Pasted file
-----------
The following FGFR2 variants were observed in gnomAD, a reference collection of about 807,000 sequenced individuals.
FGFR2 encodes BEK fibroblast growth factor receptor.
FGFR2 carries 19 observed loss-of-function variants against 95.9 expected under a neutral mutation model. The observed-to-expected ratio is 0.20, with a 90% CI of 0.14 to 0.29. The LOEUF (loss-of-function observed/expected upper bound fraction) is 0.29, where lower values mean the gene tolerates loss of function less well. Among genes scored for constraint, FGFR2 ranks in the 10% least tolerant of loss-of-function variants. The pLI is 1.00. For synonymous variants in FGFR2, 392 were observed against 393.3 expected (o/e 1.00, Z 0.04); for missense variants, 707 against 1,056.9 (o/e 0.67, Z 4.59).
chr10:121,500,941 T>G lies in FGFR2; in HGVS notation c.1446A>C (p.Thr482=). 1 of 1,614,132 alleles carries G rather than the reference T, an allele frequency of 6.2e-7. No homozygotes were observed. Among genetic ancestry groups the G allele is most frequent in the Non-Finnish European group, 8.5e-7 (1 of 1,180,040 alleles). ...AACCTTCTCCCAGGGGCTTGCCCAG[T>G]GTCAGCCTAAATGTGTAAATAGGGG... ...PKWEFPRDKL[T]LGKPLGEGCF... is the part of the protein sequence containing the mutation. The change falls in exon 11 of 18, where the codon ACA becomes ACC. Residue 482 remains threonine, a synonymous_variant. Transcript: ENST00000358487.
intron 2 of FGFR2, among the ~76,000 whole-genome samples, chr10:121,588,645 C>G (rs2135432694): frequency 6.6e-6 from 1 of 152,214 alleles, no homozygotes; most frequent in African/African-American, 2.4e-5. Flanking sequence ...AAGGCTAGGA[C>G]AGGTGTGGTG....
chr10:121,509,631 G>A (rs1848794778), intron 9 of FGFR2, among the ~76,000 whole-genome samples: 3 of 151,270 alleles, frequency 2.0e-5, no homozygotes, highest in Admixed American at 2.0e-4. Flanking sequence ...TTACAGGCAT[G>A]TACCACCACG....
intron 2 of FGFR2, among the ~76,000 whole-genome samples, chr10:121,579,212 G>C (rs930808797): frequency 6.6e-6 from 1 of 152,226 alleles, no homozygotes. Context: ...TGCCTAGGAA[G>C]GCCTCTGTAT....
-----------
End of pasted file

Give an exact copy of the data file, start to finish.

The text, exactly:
The following FGFR2 variants were observed in gnomAD, a reference collection of about 807,000 sequenced individuals.
FGFR2 encodes BEK fibroblast growth factor receptor.
FGFR2 carries 19 observed loss-of-function variants against 95.9 expected under a neutral mutation model. The observed-to-expected ratio is 0.20, with a 90% CI of 0.14 to 0.29. The LOEUF (loss-of-function observed/expected upper bound fraction) is 0.29, where lower values mean the gene tolerates loss of function less well. Among genes scored for constraint, FGFR2 ranks in the 10% least tolerant of loss-of-function variants. The pLI is 1.00. For synonymous variants in FGFR2, 392 were observed against 393.3 expected (o/e 1.00, Z 0.04); for missense variants, 707 against 1,056.9 (o/e 0.67, Z 4.59).
chr10:121,500,941 T>G lies in FGFR2; in HGVS notation c.1446A>C (p.Thr482=). 1 of 1,614,132 alleles carries G rather than the reference T, an allele frequency of 6.2e-7. No homozygotes were observed. Among genetic ancestry groups the G allele is most frequent in the Non-Finnish European group, 8.5e-7 (1 of 1,180,040 alleles). ...AACCTTCTCCCAGGGGCTTGCCCAG[T>G]GTCAGCCTAAATGTGTAAATAGGGG... ...PKWEFPRDKL[T]LGKPLGEGCF... is the part of the protein sequence containing the mutation. The change falls in exon 11 of 18, where the codon ACA becomes ACC. Residue 482 remains threonine, a synonymous_variant. Transcript: ENST00000358487.
intron 2 of FGFR2, among the ~76,000 whole-genome samples, chr10:121,588,645 C>G (rs2135432694): frequency 6.6e-6 from 1 of 152,214 alleles, no homozygotes; most frequent in African/African-American, 2.4e-5. Flanking sequence ...AAGGCTAGGA[C>G]AGGTGTGGTG....
chr10:121,509,631 G>A (rs1848794778), intron 9 of FGFR2, among the ~76,000 whole-genome samples: 3 of 151,270 alleles, frequency 2.0e-5, no homozygotes, highest in Admixed American at 2.0e-4. Flanking sequence ...TTACAGGCAT[G>A]TACCACCACG....
intron 2 of FGFR2, among the ~76,000 whole-genome samples, chr10:121,579,212 G>C (rs930808797): frequency 6.6e-6 from 1 of 152,226 alleles, no homozygotes. Context: ...TGCCTAGGAA[G>C]GCCTCTGTAT....